4. Speaking of that, I wanted to thank you. When Ray gets tired or overly excited he plays tug with his leash, so when we went to an event recently I used two leashes per your advice and was able to manage that behavior much better. So….THANKS!

  5. One of my adoptable Beagles, Snoopy, does not like the playing, active dogs around her here. I finally put her on some Xanax (still working on the dosage) but also tag her (with eye and lifted finger, no speech) when she over-reacts to prevent the habit. She goes with me on car rides (a great errand dog). Both the med and tagging seem to be helping but what most will help is finding her new home!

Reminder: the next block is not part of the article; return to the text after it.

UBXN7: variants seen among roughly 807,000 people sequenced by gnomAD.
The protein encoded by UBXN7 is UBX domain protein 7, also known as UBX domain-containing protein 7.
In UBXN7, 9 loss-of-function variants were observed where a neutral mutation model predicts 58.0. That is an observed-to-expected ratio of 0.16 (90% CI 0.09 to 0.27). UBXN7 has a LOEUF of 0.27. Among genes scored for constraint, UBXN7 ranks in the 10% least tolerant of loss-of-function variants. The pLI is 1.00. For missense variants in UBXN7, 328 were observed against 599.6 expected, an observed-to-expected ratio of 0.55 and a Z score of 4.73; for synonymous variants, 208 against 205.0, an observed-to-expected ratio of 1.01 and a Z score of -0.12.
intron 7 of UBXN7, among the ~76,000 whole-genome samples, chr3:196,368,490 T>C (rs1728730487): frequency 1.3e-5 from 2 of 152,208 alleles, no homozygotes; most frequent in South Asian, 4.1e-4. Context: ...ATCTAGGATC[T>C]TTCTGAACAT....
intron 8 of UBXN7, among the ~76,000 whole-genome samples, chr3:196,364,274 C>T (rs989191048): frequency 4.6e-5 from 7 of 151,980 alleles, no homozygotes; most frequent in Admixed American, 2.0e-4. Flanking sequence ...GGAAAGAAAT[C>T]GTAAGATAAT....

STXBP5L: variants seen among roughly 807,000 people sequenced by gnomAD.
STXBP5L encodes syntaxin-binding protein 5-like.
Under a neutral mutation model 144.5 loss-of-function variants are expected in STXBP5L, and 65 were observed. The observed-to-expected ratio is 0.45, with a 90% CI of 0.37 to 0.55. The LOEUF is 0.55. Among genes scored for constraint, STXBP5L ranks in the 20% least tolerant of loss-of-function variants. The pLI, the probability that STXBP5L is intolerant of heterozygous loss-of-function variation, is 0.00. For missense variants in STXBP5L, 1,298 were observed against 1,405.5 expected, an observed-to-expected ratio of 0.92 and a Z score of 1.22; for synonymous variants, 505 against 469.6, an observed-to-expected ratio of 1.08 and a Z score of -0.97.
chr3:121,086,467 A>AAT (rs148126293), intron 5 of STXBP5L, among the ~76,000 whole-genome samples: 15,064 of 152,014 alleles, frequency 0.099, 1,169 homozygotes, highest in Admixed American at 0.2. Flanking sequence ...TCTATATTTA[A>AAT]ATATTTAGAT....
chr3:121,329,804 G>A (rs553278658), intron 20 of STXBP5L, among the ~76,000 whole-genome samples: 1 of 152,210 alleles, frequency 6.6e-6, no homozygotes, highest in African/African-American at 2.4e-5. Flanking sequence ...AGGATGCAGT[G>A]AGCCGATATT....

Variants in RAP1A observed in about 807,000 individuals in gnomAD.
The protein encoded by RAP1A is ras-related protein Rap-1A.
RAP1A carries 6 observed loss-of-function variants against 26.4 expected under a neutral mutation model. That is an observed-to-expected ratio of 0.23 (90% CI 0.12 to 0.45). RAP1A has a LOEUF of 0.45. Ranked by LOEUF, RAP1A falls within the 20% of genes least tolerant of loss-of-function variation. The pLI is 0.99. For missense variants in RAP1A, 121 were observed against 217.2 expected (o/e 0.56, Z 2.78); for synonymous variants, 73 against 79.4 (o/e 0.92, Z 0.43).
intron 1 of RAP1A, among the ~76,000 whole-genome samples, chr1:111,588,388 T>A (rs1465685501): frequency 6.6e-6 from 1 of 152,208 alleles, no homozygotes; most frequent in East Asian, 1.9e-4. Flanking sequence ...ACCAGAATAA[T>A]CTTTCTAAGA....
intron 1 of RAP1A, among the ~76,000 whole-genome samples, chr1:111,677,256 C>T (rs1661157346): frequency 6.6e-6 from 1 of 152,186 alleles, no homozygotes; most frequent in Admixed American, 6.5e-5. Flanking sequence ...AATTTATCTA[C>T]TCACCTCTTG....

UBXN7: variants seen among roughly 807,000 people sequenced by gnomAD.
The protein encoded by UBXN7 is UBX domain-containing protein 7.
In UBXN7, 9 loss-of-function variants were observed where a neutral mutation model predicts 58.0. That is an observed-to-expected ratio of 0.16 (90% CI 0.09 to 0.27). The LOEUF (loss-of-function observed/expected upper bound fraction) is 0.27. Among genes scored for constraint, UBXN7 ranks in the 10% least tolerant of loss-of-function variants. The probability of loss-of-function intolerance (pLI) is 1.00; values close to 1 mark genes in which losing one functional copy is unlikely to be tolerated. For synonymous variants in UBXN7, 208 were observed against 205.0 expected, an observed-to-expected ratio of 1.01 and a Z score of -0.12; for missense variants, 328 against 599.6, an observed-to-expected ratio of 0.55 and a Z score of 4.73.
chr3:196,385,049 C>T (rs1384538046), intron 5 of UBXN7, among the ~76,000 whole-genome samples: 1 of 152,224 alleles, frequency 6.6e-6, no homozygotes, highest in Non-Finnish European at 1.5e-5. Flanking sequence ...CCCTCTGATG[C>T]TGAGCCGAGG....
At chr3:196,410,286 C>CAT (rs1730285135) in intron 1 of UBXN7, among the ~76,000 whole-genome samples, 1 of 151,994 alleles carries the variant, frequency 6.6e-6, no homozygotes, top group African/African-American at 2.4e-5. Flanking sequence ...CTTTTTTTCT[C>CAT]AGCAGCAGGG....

Very good, helpful post! Thank you.

  6. This is such an important concept for first time dog owners to learn. It’s been vital for us to learn the best ways to manage our pooches so we can set them up for success. We also found that once they perform good behaviors a certain amount of times, they start to set THEMSELVES up for success which is even better. Great post!